Friday, June 21, 2019

M'sia needs clear laws on rights of refugees, asylum seekers (Star)

M'sia needs clear laws on rights of refugees, asylum seekers
Friday, 21 Jun 2019 12:53 PM MYT

PETALING JAYA: As Malaysia only recognises documented immigrants, a clear law that grants rights to refugees and asylum seekers must be enacted, says Malaysians Against Death Penalty and Torture (Madpet).

Madpet founder Charles Hector said as Malaysia only recognised legal and documented foreigners with a valid visa, refugees and asylum seekers who fall into the category of "illegal immigrants" need a clear law that grants recognition to them.

"This recognition should start from the time they seek asylum up to the point they are accorded asylum seeker or refugee status, and thereafter until they are re-settled in another country or alternatively allowed to remain in Malaysia temporarily or permanently.

"Such a law would also determine whether they do have a right to work, carry on small business or earn a living, whilst their applications are being processed and thereafter.

"As it stands, such asylum seekers and refugees at present do not have a right to work in Malaysia," he said.

He added that enacting a law that defined the rights of refugees and asylum seekers was important, as Malaysia had entered into extradition agreements with many countries.

Hector said those agreements where strict adherence to request for extradition might see Malaysia violating the principle of non-refoulement when they send back such refugees and asylum seekers to the very countries they fled from to escape persecution.

He lamented the deportation of Thai national Praphan Pipithnamporn who was accused by the Thai government of sedition for calling for a republic on social media.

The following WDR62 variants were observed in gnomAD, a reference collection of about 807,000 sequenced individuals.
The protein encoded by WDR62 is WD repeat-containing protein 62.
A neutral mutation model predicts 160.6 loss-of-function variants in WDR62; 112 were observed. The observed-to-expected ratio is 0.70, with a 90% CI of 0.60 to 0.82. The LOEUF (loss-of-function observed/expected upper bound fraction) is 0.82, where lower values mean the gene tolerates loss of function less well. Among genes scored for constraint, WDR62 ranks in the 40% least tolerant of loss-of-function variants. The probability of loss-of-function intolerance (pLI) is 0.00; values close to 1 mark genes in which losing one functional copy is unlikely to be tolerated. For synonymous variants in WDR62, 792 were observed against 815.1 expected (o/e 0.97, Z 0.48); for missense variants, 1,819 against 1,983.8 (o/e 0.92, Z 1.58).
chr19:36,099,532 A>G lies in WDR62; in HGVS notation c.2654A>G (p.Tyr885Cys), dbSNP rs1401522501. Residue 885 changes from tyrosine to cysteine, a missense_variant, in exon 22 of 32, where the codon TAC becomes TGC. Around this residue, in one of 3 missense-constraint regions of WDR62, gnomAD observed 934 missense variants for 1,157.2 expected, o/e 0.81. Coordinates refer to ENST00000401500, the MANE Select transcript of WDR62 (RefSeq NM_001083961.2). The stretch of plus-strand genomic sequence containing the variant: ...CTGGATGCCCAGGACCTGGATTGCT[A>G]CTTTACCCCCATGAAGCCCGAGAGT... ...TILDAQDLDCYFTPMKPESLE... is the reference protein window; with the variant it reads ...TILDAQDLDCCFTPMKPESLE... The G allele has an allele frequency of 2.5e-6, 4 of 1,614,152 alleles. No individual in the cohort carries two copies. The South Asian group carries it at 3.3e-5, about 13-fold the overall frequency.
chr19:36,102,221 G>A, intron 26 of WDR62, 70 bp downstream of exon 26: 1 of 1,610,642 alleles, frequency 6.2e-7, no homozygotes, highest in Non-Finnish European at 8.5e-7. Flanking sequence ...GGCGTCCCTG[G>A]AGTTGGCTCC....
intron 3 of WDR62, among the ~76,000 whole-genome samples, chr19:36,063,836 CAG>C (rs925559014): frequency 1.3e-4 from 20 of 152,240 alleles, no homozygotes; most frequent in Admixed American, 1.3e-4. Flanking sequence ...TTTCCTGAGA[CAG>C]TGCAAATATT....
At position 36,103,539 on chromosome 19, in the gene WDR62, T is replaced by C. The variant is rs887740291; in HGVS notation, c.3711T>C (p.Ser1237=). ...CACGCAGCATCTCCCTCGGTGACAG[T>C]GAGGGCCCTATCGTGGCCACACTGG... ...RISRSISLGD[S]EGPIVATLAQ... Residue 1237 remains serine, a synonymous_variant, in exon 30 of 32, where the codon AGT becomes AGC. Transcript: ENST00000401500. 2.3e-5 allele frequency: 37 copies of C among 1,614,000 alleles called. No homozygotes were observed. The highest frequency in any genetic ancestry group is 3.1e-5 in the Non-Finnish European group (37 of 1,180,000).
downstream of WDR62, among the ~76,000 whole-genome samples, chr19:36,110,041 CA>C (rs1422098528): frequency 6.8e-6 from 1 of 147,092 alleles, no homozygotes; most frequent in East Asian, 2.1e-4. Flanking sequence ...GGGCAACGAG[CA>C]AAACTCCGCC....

Hector added that with a clear law, it would, for example, be made explicitly clear whether the government considered controversial preacher Zakir Naik a refugee or an asylum seeker.

He said if Malaysia considered Zakir a refugee or an asylum seeker, then it was bound to protect him and not send him back to India.

"The question will be whether Zakir, is considered an asylum seeker or refugee by Malaysia," he said.

Hector said Malaysia's declaration that Zakir was an asylum seeker would merely be a political position, unless he was also recognised by UNHCR or under Malaysian law.

He added that then there should be no extradition of persons recognised as asylum seekers or refugees.

Hector also called on the government to ratify the 1951 Refugee Convention and other relevant conventions that recognises and protects the rights of refugees and asylum seekers in the country.

He also urged the government to review obligations under existing extradition treaties or other agreements to ensure that they did not violate Malaysia’s obligations under the principle of non-refoulement. - Star, 21/6/2019

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